15 Chapter Fourteen

"Your Highness, I have brought some refreshments," said Ruixue's personal maid, Yawen. She carried a tray heavy with food to the table in the parlor.

The crown princess appeared from the adjacent room, dressed in an embroidered white blouse that exposed her clavicle and tied to an orange skirt by a sash around her waist. A long coat adorned her shoulders, shimmering in the light as she came over to sit.

Ruixue looked down at the tray, barely having an appetite. Several baked pastry with sesame seeds sprinkle sat on a plate while another held grapes and sliced apples. A cup of tea rested at a side. On the account of being the heir to the throne, her schedules usually took on until afternoon without many breaks. And now that the festival was impending she supposed she wasn't to take suppertime too lightly.

The sun shone onto the courtyard when Ruixue headed out to the Second Division. Rows of hyacinth and lilacs embellished the winding pathway, ranging from pink to a richer shade of violet. Camellias and peonies bloomed from carefully nurtured bushes, the large flowers like unblinking eyes of a thousand watchers. Ruixue inhaled the various fragrance as she passed her favorite spot of the garden. She had always been the one among the siblings who enjoyed strolls in the sun. The warmth made her feel alive.

Several servants stood about the Ward's gate when she neared. They dispersed at the sight of her, dropping brisk curtsies before scurrying to their tasks. After they departed Ruixue saw another group of guards gathered around someone near the entrance outside. She approached.

The soldiers seemed to be engaging in a fond conversation. One of them then parted from the circle, nodding something in agreement. It was then she saw the person in the middle.

Ruixue stopped short. She stared as the figure stepped into the Ward's property, not believing her eyes. The man glanced around the vast area of the courtyard as if in search for something. He wore commoners clothing, yet that face was unmistakable.

"Ge." She didn't realize she was running until she heard her maids startled behind. All she saw that moment was the image of her younger self, hiding between shrubs in the gardens knowing that the older boy would come finding for her in their games. But the memory cracked apart when the figure's eyes landed on hers.

Ruixue halted a short distance from him, breathing fast. The drumming of her heart slowly ceased. Her gaze held his unfamiliar brown, feeling all her hope shattering down to her feet among too many times to count.

The stranger approached her. His eyes flicked to the servants rushing to the princess's side before finding hers again. Ruixue's mind was in a daze when he went down on one knee before her.

"Good day to you, Your Grace," he greeted. His voice snapped her out of her distraction. Ruixue quickly recovered her composure, impassiveness donned on her face.

"Rise," she ordered. When he did she ascertained herself that this man merely shared a similar resemblance to that she saw in her dreams. He was not that person at all, no matter how badly she wished him to be.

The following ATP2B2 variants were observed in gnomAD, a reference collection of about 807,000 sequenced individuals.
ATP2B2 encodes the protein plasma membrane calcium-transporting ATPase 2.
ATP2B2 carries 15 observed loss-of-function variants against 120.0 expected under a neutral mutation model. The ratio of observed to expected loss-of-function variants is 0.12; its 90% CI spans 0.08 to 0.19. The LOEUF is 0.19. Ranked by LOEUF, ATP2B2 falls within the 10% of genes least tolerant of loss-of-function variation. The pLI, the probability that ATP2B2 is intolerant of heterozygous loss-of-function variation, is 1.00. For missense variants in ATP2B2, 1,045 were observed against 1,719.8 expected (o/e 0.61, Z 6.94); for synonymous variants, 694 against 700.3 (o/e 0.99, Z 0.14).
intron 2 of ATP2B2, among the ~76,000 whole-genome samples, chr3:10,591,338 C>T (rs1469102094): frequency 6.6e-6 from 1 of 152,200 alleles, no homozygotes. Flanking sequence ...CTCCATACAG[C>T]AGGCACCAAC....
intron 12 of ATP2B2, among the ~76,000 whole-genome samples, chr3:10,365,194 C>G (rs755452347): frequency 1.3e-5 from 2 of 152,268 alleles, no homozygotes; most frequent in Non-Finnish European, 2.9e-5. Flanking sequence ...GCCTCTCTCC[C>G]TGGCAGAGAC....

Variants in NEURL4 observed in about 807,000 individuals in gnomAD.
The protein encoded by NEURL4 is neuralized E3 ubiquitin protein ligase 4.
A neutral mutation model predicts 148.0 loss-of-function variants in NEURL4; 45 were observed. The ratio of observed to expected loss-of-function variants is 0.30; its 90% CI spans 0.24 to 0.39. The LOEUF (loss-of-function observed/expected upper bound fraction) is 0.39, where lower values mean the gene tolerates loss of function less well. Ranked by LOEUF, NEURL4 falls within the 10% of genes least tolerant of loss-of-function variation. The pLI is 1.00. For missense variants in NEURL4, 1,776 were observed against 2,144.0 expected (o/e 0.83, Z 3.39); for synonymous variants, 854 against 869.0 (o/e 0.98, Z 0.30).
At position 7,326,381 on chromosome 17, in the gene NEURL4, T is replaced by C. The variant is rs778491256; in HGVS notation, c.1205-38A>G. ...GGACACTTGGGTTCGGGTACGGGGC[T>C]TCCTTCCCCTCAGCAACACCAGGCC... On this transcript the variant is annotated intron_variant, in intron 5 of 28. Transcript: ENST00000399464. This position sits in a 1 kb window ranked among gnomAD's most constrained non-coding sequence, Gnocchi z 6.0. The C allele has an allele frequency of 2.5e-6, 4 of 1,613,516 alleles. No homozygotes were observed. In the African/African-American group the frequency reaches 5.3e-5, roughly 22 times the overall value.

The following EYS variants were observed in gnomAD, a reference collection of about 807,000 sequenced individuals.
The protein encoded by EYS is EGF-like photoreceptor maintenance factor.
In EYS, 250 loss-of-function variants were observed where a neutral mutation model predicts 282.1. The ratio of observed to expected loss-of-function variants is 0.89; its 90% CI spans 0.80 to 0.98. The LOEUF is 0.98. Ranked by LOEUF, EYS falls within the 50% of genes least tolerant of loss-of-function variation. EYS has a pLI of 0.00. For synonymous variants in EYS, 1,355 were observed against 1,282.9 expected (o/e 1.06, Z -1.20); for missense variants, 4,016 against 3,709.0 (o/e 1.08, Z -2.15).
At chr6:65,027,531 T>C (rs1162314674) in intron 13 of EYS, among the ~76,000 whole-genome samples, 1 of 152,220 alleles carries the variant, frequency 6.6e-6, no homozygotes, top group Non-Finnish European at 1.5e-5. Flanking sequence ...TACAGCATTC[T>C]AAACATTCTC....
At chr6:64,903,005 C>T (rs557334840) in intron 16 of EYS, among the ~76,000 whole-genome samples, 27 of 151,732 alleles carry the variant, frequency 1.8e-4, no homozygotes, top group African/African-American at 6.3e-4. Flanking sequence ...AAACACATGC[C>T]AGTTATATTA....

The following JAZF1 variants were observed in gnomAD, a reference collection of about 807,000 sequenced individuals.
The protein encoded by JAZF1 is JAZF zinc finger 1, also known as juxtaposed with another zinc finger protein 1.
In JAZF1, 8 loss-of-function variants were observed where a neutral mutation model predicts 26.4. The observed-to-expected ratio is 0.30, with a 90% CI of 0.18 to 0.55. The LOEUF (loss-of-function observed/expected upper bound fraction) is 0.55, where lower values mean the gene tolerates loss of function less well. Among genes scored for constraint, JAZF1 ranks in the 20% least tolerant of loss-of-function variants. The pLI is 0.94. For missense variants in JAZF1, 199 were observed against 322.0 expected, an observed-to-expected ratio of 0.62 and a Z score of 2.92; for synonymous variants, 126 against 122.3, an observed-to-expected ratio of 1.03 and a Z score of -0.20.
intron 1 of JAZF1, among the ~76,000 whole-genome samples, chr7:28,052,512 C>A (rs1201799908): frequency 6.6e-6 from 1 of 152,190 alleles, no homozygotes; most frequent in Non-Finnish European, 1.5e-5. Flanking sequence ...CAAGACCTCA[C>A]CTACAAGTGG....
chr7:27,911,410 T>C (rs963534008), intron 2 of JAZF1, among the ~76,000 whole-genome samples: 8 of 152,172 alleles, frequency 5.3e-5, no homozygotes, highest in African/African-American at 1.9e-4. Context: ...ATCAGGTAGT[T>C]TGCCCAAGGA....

The color of his eyes was the surest confirmation.

"Who are you?" she demanded. She noted the royal pass he was clutching. Menservants did not roam the palace free with a pass, nor were they to leave their master's side.

"I am Li Yuzhe, Your Grace," the man said. "And I'm here to return these." He withdrew a parchment and handed it to her along with the tassel.

Puzzled, Ruixue granted Yawen consent to accept the items, which she took the scroll and unrolled the content.

"I cannot express how much I am grateful for the opportunity, but I'm afraid I cannot accept," Yuzhe said later.

Ruixue handed the scroll to the maid. She accessed the man with new eyes. "You must be the one who accompanied Meiyue to the south," she said to him. "I've heard about you." Yuzhe acknowledged it with a bow. "Might I ask the reason for your refusal?"

"I have a family and a business in my care, Your Grace," he said simply.

It was unusual for the King to be interested in the matters of lower affairs, such as employment in this case, as opposed to his offer. Ruixue could, though, get a slight grasp of the reason why he did. Emotions and regrets were strong fundamental factors behind some decisions we did not know why we made.

As she studied the man before her Ruixue too decided. "That's unfortunate, but you have my blessings," she said. She reached for the tassel in Yawen's hands and held it back to him. "You may hold on to this, if you ever change your mind."

Yuzhe hesitated.

"Remember that not many are requested by the King himself," Ruixue added. "Consider it an honor and perhaps give it another thought."

After a moment of consideration, he stepped forward and accepted with both hands. She caught a slight change in his expression, but it was shielded when he offered her another bow. "Thank you, Your Grace."

Ruixue spared him another glance, letting his features bemuse a final time. Then she moved out through the gate, her maids trailing behind in a silent swish of skirts.

~~~~~~~~

Ruixue remained on the training ground until late afternoon. It was located in a department of the Second Division that overlooked the practice of martial arts and physical skill. The department consisted of many compartments that housed weapon storage and training grounds that were instituted for individual types of each sport.